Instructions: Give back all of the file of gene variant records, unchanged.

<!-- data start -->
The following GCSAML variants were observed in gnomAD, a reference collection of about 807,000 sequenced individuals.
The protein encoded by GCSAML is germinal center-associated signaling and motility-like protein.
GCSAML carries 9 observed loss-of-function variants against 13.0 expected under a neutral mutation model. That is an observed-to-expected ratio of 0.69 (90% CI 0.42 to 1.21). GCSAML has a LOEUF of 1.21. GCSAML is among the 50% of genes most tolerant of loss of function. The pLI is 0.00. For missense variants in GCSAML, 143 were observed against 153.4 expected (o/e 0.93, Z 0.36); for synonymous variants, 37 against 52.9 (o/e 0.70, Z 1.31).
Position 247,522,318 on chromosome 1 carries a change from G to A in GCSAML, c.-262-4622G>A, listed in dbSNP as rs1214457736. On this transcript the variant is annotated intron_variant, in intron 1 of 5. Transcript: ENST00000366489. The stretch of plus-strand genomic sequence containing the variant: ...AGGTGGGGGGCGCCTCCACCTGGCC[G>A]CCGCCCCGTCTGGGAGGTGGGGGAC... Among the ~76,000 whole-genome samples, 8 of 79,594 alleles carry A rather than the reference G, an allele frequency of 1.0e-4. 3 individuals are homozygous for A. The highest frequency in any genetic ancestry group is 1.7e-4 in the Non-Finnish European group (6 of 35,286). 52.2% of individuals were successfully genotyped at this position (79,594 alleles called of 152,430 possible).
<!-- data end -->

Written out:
The following GCSAML variants were observed in gnomAD, a reference collection of about 807,000 sequenced individuals.
The protein encoded by GCSAML is germinal center-associated signaling and motility-like protein.
GCSAML carries 9 observed loss-of-function variants against 13.0 expected under a neutral mutation model. That is an observed-to-expected ratio of 0.69 (90% CI 0.42 to 1.21). GCSAML has a LOEUF of 1.21. GCSAML is among the 50% of genes most tolerant of loss of function. The pLI is 0.00. For missense variants in GCSAML, 143 were observed against 153.4 expected (o/e 0.93, Z 0.36); for synonymous variants, 37 against 52.9 (o/e 0.70, Z 1.31).
Position 247,522,318 on chromosome 1 carries a change from G to A in GCSAML, c.-262-4622G>A, listed in dbSNP as rs1214457736. On this transcript the variant is annotated intron_variant, in intron 1 of 5. Transcript: ENST00000366489. The stretch of plus-strand genomic sequence containing the variant: ...AGGTGGGGGGCGCCTCCACCTGGCC[G>A]CCGCCCCGTCTGGGAGGTGGGGGAC... Among the ~76,000 whole-genome samples, 8 of 79,594 alleles carry A rather than the reference G, an allele frequency of 1.0e-4. 3 individuals are homozygous for A. The highest frequency in any genetic ancestry group is 1.7e-4 in the Non-Finnish European group (6 of 35,286). 52.2% of individuals were successfully genotyped at this position (79,594 alleles called of 152,430 possible).